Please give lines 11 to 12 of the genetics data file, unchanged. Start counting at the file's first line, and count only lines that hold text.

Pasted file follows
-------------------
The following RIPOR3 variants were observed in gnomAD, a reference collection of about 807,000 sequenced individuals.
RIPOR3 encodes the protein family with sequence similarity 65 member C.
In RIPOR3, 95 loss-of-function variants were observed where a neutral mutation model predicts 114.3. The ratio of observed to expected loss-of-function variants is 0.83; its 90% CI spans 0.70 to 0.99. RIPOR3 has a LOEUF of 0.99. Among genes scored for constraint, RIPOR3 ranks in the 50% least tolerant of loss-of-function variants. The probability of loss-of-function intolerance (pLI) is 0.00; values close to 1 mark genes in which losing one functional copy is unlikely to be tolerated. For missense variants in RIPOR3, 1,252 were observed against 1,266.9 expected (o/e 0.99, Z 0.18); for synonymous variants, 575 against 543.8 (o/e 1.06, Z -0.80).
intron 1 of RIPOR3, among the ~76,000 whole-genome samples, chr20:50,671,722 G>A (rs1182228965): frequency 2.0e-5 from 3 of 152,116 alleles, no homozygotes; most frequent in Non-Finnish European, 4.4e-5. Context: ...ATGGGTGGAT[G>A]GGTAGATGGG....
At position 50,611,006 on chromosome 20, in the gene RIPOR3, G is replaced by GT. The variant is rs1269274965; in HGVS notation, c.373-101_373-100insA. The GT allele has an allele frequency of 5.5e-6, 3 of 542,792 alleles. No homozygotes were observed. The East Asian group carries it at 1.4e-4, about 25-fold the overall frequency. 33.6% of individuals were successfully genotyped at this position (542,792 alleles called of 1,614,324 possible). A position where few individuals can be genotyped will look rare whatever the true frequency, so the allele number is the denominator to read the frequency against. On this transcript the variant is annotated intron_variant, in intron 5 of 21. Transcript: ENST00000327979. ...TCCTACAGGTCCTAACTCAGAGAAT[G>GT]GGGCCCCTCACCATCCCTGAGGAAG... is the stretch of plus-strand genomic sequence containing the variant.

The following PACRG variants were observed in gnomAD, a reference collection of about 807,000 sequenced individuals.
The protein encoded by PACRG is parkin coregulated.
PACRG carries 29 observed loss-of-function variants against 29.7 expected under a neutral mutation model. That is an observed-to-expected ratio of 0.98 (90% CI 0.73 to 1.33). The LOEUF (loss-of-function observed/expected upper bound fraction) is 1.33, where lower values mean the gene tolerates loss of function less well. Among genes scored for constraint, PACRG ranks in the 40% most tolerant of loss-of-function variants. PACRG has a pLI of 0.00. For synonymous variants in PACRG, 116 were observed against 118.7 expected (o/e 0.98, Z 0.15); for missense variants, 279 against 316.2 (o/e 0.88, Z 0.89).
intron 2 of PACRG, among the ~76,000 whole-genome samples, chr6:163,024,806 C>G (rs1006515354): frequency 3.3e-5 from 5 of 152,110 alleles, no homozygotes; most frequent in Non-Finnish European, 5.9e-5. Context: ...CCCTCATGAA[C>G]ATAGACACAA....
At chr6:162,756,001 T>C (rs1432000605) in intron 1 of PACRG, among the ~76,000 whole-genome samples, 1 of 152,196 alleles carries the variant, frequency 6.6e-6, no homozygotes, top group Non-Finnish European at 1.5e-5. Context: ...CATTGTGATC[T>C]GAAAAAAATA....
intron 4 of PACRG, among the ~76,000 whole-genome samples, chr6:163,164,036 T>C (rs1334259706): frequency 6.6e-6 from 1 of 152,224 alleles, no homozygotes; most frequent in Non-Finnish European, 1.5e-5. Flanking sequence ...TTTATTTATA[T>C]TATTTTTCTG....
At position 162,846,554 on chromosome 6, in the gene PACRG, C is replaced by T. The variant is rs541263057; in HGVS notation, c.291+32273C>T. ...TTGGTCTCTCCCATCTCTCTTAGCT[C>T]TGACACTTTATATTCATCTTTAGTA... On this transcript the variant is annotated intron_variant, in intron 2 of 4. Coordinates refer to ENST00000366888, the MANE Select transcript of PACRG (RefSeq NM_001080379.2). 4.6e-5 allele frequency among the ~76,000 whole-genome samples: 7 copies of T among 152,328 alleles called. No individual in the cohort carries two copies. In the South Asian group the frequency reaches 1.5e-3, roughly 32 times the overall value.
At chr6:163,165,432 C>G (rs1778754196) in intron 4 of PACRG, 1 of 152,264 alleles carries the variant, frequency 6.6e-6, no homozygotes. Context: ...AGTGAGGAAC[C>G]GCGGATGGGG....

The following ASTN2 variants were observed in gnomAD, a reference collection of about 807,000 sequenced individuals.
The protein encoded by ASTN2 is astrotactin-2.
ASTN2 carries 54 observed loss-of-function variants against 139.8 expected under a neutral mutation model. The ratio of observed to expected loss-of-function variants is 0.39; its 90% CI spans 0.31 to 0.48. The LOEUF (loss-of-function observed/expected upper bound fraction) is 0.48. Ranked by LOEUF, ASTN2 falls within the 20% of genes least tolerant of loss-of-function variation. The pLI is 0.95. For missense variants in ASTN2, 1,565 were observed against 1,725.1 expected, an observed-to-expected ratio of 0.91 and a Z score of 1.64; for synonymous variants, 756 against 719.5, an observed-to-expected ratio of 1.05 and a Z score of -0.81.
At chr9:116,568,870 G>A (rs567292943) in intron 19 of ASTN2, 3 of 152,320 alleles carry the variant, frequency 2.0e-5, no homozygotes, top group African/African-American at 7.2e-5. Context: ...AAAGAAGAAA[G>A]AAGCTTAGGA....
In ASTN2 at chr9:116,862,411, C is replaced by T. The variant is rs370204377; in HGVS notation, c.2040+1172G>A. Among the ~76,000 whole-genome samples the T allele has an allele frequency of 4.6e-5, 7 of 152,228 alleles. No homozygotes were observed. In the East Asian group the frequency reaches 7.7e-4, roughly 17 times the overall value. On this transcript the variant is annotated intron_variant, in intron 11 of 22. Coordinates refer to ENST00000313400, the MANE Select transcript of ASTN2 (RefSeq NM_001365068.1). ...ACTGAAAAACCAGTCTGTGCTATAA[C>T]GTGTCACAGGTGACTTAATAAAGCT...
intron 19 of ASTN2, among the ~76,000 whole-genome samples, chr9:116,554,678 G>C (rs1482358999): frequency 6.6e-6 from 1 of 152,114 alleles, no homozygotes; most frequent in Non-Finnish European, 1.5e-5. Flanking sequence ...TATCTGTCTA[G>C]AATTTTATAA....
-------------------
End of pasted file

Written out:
intron 4 of PACRG, among the ~76,000 whole-genome samples, chr6:163,164,036 T>C (rs1334259706): frequency 6.6e-6 from 1 of 152,224 alleles, no homozygotes; most frequent in Non-Finnish European, 1.5e-5. Flanking sequence ...TTTATTTATA[T>C]TATTTTTCTG....
At position 162,846,554 on chromosome 6, in the gene PACRG, C is replaced by T. The variant is rs541263057; in HGVS notation, c.291+32273C>T. ...TTGGTCTCTCCCATCTCTCTTAGCT[C>T]TGACACTTTATATTCATCTTTAGTA... On this transcript the variant is annotated intron_variant, in intron 2 of 4. Coordinates refer to ENST00000366888, the MANE Select transcript of PACRG (RefSeq NM_001080379.2). 4.6e-5 allele frequency among the ~76,000 whole-genome samples: 7 copies of T among 152,328 alleles called. No individual in the cohort carries two copies. In the South Asian group the frequency reaches 1.5e-3, roughly 32 times the overall value.